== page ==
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Syntesis by Combustion Method

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Words: 2940 |

Pages: 6|

15 min read

Published: Jun 5, 2019

Words: 2940|Pages: 6|15 min read

Published: Jun 5, 2019

Table of contents

  1. Introduction
  2. Experimental
  3. Results and discussion
  4. Conclusion

Introduction

Rare earth (RE) doped nanophosphors are widely used in light emitting diodes (LED’s), field emission displays (FEDs), scintillators, medical imaging and drug delivery. There exceptional electronic and optical properties are derived from f-f and f-d transitions. However, many reported synthesized nanophosphors degrade rapidly when exposed to critical conditions. So, the need of hour is synthesis of a nanophosphor, which is stable in high vacuums with high brightness, thermal and chemical stability and possess adequate mechanical resistance.

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Inorganic oxide based nanophosphor have received considerable attention for the generation of color tunable materials due to their characteristic high brightness, long lifetime, low power consumption and eco friendly nature. Earl Danielson in 1998, reported a novel inorganic oxide compound (Strontium-cerium oxide), synthesized by a combinatorial chemical procedure, which crystallize in an orthorhombic crystal system with the space group Pbam (No.55) and cell parameters: a=6.11897(9) Å, b=10.3495(2) Å, and c=3.5970(1).

This Strontium-Cerium oxide (Sr2CeO4) is a blue-white emitting oxide and an excellent phosphor with high thermal and chemical stability, which makes it a promising matrix for various activators. The photoluminescene of Sr2CeO4 is due to energy transfer between O2- and Ce(IV) localized in one-dimensional chains of the edge-sharing CeO6 octahedron. The regularly located luminescent elements govern the luminescent properties of the oxide, and the interaction of these regular optical centers which promotes spatial delocalization of excitation energy is prominent feature.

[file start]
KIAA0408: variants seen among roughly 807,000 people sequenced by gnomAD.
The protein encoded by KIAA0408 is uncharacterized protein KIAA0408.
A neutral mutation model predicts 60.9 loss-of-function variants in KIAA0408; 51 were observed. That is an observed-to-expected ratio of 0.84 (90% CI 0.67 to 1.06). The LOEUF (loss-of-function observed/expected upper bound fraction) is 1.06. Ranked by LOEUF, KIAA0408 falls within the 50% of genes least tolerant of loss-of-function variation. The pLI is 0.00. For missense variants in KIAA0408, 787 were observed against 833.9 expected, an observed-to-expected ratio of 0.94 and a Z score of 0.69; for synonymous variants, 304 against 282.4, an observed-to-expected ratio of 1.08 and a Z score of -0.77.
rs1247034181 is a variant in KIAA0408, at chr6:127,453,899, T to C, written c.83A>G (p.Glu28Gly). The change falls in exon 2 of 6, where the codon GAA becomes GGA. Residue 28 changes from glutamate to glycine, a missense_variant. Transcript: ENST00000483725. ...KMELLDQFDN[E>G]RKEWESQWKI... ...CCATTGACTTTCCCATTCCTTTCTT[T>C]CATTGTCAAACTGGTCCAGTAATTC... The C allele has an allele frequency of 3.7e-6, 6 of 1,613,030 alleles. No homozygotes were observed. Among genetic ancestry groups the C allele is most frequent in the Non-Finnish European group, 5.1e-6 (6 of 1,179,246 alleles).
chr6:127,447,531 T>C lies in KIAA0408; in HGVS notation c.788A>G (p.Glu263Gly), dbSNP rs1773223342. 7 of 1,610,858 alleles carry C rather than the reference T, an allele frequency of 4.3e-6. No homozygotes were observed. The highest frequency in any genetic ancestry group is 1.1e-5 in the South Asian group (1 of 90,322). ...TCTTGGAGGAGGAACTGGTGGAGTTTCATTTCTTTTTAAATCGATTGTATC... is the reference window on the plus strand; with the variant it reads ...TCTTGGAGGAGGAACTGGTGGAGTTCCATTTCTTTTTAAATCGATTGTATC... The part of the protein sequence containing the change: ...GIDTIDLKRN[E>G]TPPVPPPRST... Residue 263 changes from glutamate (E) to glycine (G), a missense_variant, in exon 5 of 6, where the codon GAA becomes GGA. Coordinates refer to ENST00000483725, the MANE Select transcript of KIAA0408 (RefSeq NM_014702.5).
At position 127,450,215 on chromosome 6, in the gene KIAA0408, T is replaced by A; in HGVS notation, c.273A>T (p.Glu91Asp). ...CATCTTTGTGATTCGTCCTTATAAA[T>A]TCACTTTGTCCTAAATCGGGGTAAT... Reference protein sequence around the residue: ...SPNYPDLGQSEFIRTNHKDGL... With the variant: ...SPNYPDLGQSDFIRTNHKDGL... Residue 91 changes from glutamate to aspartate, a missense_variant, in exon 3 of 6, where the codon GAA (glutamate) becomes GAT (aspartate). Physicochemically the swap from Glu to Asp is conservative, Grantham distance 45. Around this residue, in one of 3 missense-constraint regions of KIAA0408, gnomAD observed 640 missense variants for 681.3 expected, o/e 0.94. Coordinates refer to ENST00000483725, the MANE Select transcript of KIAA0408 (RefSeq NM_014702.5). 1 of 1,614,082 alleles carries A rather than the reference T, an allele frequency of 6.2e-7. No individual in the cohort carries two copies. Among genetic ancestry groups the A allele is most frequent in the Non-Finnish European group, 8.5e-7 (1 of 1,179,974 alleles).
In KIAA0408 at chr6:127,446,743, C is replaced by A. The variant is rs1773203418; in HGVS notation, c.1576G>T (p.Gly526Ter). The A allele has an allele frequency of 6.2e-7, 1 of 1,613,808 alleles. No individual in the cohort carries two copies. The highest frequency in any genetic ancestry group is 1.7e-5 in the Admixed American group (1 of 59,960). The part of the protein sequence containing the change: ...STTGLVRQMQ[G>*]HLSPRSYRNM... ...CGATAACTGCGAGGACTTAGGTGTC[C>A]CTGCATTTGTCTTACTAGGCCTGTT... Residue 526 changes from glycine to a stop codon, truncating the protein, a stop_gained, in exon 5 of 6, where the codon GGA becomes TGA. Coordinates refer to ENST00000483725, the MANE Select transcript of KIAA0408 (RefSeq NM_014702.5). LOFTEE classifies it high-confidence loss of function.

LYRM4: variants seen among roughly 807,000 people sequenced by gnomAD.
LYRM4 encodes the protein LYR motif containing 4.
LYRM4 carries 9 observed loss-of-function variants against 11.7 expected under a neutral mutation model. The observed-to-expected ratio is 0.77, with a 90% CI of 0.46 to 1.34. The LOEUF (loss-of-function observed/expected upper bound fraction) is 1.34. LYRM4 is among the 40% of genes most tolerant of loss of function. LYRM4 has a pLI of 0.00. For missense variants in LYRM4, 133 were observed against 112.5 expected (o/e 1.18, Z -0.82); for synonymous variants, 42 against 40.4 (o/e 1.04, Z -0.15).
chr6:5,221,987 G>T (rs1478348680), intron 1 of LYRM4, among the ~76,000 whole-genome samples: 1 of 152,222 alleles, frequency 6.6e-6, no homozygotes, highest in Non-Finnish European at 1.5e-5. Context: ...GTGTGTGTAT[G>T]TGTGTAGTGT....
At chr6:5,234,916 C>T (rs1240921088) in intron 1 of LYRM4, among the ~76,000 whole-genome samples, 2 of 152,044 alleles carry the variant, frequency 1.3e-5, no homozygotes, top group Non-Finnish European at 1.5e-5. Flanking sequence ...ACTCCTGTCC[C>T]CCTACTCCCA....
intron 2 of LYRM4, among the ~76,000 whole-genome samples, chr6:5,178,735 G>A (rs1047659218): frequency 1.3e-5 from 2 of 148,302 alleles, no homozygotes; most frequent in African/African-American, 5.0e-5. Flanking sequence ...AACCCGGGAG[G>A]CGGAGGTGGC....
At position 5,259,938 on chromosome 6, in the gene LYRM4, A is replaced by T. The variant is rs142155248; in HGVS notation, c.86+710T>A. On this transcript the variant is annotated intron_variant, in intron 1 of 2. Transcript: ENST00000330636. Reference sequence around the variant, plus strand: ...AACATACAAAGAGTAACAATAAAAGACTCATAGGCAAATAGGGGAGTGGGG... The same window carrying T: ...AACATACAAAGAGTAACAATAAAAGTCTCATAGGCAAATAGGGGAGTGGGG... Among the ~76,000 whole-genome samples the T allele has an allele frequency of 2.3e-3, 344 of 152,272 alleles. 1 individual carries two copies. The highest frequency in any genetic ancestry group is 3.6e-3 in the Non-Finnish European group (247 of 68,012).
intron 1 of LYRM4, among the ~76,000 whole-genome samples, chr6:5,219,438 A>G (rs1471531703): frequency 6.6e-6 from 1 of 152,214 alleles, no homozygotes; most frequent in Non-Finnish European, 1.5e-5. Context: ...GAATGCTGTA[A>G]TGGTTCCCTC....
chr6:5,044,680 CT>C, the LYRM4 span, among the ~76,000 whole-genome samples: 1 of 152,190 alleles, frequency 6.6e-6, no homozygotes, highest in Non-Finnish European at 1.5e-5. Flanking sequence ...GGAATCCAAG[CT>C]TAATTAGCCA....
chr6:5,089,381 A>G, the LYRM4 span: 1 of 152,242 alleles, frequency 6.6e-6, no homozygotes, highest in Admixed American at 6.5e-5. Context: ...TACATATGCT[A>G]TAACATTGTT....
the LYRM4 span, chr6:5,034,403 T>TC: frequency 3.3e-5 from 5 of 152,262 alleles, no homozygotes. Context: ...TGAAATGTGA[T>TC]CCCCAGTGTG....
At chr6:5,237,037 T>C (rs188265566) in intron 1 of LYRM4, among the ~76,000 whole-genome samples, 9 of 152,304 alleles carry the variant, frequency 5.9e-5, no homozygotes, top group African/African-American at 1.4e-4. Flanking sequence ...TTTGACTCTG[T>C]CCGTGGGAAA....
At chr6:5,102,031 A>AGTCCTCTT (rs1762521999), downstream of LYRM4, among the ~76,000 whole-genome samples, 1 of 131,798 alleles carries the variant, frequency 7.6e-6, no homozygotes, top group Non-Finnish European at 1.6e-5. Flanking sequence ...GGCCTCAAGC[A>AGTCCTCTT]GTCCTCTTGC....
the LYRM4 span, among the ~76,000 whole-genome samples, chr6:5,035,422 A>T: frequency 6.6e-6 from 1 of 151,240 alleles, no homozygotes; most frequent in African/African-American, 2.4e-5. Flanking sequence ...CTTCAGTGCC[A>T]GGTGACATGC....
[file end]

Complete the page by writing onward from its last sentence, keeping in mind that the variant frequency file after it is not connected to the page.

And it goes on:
Sr2CeO4 doped with rare earth (RE) ions results in emergence of astounding materials with a broad excitation band in UV range and a tunable emission. This is due to effective excitation energy transfer from the host to doped centers emitting another spectral range colors. Moreover, luminescence properties depend on the RE dopant being used and the concentration of the dopant. Several methods have been developed for the synthesis of efficient single phase RE doped luminescent Sr2CeO4 nanophosphor. These procedures are still evolving from various drawbacks of stability, control over size and morphology.

In a contribution to overcome these limitations, herein we have first time reported synthesis of rod like luminescent Sr2CeO4:Eu3+(mol% of Eu=0, 0.1, 0.5 ,1, 1.5, 2) by combustion method. A systematic methodology has been followed for the synthesis of this highly stable nanophosphor. Eu3+ was chosen as it acts a good activator ion with red or red orange emission in various hosts. The results show a white light generation at lower concentration, while red luminescence at higher concentrations of the dopant. The report also covers synthesis and characterization aspects of RE doped complex along with for their potential use in lighting and optoelectronic devices.

Experimental

Synthesis of Sr2CeO4:Eu3+ (0.1-2 mol %) nanophosphors The Eu3+ doped nanophosphors were prepared by a modified solution combustion method. The source of Sr, Ce, Eu were Strontium nitrate (Sr(NO3)2).9H2O; 99.99%,Merk Ltd), Cerium nitrate (Ce(NO3)3.6H2O ; 99.99% Sigma Aldrich Ltd) and Europium nitrate(Eu(NO3)3.xH2O; 99.99% Sigma Aldrich Ltd) respectively. Numerous fuels like citric acid, glycine, oxalic acid, Oxalyl dihydrazide(ODH), urea, etc. have been used for the synthesis of nanophosphor materials.